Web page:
4. More megapixels mean a better camera
I, like many people, believed cameras with more megapixels will produce better pictures. Wrong.
As Gizmodo explains in this article, megapixels aren’t everything. A good camera needs a high-quality lens and a large light sensor to take great photos. So an expensive camera with a ton of megapixels might produce photos of lesser quality than a cheaper camera with fewer megapixels and a better lens.
5. Apple operating systems don’t get viruses
Apple used to say that its operating system was immune to viruses. You might not hear it as much from Apple’s headquarters these days, but the misconception that Apple’s OS is immune to viruses persists. Tell that to the more than 500,000 Mac users who were hit by a Trojan in April 2012, as first reported by the anti-virus vendor Dr. Web.
Now, we’re not saying that’s a good reason to skip Macs altogether — and indeed, they do get fewer viruses than PCs — but if you were planning on buying one because they’re virus-free, think again.
6. You should pay for a virus scanner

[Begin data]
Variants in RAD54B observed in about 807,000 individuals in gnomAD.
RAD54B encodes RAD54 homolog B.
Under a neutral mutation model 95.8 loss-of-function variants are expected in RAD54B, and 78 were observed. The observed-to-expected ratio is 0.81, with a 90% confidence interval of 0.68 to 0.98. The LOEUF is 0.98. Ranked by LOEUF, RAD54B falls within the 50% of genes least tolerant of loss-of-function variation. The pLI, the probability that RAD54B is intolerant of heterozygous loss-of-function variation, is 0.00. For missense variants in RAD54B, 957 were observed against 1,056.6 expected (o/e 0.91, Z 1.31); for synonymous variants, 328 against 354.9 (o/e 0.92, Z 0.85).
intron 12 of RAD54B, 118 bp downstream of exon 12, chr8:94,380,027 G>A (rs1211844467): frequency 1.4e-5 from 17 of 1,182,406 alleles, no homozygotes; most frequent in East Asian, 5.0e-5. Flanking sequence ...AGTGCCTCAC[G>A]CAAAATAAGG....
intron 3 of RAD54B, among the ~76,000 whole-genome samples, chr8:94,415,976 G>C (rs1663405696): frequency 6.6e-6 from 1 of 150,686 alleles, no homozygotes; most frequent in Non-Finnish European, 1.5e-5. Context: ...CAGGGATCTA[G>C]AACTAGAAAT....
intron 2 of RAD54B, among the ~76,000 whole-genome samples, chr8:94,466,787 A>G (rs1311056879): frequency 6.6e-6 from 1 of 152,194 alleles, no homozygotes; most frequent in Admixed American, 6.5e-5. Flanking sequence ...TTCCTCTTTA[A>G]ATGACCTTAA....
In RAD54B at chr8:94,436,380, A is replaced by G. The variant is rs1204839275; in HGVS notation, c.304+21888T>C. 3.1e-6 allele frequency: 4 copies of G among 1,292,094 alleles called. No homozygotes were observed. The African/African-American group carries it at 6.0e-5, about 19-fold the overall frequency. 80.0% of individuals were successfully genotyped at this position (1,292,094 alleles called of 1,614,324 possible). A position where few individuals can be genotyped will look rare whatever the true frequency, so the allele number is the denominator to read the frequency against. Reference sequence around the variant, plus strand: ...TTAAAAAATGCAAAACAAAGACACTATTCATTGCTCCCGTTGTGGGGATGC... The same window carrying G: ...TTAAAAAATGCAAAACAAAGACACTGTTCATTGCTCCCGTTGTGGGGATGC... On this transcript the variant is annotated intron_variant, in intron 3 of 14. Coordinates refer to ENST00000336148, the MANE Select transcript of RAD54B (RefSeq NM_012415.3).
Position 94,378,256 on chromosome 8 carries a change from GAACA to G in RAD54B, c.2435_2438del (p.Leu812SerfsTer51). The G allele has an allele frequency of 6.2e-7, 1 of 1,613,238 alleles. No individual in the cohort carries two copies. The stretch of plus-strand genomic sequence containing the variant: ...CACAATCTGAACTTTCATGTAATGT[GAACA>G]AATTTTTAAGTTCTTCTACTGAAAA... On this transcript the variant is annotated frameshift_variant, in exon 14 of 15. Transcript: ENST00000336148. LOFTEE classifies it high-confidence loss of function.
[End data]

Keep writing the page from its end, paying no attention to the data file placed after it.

As we said in Antivirus Software is a Waste of Money, paying for antivirus software is a good way to throw cash away. Chances are, your operating system already has a built-in virus protection system or has one available to download for free. If you’re running Windows 7, Vista or XP, use Microsoft Security Essentials. It’s free and has a four-star editor and user rating at CNET. Windows 8 comes installed with Windows Defender.
If you own a Mac, use Avast Free Antivirus for Mac, which has a 4.5 rating at CNET.
7. 1080p is always better than 720p
Unless you have a TV screen wider than 50 inches or you sit close to the screen, you won’t notice the difference between 720p and 1080p, according to Digital Trends. Generally speaking, the closer you sit, the more pixels you’ll spot. Likewise, the bigger your television, the easier it is to spot pixels. If you’re buying a new TV under 50 inches, save some money by opting for 720p and sitting farther away.
8. Newer is better
You know who really proves if new tech is good or bad? The customers — after they pay for it, of course. Buying electronics as soon as they come out, also known as early adopter syndrome , means you’re signing up to be on the front lines of bug reporting. For example, the iPhone 4S was released with short battery life issues that aggravated many customers.